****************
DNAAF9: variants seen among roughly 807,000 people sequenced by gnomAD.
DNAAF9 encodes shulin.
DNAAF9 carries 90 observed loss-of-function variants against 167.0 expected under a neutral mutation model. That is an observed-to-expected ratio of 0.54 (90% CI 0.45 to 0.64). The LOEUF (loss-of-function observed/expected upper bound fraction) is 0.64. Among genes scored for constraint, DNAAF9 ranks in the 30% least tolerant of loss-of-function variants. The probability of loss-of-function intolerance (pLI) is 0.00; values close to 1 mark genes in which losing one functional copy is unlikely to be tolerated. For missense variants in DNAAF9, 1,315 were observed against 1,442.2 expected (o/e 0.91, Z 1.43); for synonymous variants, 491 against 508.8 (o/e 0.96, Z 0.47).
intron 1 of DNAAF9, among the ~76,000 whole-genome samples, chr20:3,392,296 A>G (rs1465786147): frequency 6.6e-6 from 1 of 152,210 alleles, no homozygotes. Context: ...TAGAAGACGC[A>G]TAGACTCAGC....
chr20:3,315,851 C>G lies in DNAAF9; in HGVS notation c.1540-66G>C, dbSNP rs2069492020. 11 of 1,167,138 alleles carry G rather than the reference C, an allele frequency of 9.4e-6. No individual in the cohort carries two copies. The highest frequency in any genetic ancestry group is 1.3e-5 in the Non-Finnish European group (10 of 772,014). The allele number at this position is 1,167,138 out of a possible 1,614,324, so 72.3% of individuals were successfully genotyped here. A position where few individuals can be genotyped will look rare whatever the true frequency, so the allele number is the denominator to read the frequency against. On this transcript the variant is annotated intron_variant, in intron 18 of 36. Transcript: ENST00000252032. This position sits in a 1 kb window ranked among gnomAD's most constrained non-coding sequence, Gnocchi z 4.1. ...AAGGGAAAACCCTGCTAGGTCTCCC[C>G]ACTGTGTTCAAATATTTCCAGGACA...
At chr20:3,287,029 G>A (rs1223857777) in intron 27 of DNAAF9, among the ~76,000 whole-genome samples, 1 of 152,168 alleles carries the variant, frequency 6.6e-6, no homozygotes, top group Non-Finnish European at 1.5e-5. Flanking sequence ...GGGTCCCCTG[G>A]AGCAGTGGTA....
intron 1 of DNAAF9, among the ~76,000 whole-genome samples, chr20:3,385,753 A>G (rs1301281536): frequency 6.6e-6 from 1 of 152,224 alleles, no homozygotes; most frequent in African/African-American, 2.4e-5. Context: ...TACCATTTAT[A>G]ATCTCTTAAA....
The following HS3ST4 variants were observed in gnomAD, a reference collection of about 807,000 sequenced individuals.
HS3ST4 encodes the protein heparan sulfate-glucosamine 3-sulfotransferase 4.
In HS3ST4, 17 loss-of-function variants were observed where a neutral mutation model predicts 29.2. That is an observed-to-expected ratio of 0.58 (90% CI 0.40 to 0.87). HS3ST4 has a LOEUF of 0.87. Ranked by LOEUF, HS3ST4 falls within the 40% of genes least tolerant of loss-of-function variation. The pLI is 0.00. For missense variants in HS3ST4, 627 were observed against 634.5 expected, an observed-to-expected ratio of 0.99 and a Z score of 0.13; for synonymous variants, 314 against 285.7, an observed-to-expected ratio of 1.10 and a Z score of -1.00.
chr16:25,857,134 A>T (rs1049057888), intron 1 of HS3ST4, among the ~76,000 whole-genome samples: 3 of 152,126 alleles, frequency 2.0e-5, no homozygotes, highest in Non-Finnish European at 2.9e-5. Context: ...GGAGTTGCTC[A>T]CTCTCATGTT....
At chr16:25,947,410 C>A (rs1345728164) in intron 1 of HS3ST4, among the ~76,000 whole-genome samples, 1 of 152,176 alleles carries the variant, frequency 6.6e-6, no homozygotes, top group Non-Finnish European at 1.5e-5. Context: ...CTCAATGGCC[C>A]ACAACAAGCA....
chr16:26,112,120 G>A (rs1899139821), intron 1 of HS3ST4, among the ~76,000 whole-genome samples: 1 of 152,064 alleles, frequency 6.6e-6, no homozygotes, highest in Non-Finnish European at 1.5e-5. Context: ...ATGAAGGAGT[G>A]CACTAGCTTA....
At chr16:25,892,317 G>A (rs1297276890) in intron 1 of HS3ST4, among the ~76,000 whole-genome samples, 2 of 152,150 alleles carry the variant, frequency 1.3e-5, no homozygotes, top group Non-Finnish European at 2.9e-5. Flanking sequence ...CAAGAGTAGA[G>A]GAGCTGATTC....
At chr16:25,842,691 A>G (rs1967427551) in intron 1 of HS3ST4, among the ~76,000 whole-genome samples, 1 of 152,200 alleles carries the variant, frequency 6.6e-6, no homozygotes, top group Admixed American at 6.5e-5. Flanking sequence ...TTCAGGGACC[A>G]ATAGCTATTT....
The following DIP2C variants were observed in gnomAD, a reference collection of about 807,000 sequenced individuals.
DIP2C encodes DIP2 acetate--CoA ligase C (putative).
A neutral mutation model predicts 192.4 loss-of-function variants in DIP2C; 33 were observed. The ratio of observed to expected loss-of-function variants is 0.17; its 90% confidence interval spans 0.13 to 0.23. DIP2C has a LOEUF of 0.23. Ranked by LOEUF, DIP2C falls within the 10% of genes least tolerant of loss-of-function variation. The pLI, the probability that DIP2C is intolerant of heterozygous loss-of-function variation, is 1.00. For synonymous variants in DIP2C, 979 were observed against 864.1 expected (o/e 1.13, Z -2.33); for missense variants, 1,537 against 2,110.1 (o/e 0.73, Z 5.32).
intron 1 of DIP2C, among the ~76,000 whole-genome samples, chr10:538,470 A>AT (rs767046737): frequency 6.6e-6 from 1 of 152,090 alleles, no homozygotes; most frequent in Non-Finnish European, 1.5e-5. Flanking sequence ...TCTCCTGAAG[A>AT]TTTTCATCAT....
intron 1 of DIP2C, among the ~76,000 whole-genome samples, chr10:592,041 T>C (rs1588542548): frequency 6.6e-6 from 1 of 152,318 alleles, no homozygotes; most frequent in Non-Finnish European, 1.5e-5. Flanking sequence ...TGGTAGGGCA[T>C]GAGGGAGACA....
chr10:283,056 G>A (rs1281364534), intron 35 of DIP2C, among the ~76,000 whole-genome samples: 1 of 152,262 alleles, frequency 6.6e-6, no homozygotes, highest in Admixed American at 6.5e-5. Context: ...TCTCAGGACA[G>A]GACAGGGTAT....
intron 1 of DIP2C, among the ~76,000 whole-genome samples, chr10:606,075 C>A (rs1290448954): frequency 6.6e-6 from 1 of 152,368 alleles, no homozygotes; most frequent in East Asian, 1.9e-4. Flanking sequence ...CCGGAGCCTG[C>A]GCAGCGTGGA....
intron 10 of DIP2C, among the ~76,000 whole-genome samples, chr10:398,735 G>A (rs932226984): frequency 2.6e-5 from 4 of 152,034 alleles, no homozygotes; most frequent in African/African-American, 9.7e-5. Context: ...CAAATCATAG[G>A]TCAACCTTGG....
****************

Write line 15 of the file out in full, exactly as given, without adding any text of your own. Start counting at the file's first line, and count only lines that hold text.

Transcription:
At chr16:25,842,691 A>G (rs1967427551) in intron 1 of HS3ST4, among the ~76,000 whole-genome samples, 1 of 152,200 alleles carries the variant, frequency 6.6e-6, no homozygotes, top group Admixed American at 6.5e-5. Flanking sequence ...TTCAGGGACC[A>G]ATAGCTATTT....